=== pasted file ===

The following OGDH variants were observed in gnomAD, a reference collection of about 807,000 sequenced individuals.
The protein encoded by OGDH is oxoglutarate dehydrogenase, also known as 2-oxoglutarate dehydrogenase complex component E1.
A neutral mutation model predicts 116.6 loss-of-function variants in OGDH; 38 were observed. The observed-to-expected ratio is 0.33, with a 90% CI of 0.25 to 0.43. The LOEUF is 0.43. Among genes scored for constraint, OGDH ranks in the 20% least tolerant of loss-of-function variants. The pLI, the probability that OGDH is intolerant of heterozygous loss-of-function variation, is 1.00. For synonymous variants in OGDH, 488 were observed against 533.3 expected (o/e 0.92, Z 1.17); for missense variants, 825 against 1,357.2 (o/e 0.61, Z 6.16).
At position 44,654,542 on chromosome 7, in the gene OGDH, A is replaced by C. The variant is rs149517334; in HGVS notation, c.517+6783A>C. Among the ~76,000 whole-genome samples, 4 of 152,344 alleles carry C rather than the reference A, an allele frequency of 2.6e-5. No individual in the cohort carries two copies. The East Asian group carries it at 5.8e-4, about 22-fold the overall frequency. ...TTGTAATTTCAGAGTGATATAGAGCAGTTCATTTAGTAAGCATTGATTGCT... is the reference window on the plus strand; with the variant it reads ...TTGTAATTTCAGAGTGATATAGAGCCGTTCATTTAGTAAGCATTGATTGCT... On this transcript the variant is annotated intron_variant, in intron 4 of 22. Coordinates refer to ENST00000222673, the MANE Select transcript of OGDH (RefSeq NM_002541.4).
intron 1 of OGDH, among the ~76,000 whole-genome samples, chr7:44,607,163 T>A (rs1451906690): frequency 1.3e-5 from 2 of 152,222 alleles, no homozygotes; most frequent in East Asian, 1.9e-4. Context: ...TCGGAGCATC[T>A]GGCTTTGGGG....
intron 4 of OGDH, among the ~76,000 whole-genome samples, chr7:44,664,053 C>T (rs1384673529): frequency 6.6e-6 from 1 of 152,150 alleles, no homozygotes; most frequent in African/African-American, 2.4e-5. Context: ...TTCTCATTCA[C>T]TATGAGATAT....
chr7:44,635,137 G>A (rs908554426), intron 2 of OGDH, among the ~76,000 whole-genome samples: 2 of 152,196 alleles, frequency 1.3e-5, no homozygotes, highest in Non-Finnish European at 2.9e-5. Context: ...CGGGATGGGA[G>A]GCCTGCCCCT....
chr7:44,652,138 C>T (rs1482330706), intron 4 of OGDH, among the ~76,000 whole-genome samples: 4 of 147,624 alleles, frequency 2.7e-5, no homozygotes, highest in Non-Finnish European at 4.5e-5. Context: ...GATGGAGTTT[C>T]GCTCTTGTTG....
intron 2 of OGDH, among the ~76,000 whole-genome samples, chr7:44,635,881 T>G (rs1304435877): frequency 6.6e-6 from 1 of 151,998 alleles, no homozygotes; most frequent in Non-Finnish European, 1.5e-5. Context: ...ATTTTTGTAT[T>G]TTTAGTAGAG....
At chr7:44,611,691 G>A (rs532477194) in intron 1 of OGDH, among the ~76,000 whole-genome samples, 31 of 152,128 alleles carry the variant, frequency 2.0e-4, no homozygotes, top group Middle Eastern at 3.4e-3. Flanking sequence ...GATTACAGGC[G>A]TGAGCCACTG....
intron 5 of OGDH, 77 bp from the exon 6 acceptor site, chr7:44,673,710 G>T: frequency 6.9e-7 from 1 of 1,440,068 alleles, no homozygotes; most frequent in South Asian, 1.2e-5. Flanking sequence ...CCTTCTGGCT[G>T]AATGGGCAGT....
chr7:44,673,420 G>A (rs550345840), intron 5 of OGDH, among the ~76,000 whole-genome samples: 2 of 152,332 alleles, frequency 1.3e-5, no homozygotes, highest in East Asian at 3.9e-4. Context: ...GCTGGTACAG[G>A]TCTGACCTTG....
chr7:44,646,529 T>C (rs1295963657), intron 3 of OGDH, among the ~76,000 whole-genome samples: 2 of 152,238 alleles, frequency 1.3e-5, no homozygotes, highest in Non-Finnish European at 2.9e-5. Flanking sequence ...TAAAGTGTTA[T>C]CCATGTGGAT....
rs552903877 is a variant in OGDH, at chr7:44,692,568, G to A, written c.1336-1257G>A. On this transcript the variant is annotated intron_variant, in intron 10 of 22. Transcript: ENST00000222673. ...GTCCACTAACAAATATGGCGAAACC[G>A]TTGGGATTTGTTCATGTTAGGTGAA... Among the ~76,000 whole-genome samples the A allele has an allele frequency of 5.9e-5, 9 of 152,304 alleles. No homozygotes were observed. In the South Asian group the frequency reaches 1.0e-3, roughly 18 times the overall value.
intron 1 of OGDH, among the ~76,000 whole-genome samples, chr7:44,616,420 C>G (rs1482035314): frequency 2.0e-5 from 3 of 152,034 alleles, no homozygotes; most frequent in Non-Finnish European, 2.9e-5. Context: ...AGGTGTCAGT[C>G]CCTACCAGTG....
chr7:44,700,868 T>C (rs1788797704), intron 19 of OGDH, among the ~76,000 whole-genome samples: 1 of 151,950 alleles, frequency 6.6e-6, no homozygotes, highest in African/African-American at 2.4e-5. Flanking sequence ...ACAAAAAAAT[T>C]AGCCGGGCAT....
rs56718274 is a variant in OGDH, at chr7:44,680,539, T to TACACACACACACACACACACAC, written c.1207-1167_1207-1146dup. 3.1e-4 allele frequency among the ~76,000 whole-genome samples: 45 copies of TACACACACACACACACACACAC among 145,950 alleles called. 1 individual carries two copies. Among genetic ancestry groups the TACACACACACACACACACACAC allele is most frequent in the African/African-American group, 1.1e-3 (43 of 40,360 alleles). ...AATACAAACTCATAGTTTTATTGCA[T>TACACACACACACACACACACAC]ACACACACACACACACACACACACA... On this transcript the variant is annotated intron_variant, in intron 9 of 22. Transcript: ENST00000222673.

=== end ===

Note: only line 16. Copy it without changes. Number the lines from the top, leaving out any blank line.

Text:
chr7:44,700,868 T>C (rs1788797704), intron 19 of OGDH, among the ~76,000 whole-genome samples: 1 of 151,950 alleles, frequency 6.6e-6, no homozygotes, highest in African/African-American at 2.4e-5. Flanking sequence ...ACAAAAAAAT[T>C]AGCCGGGCAT....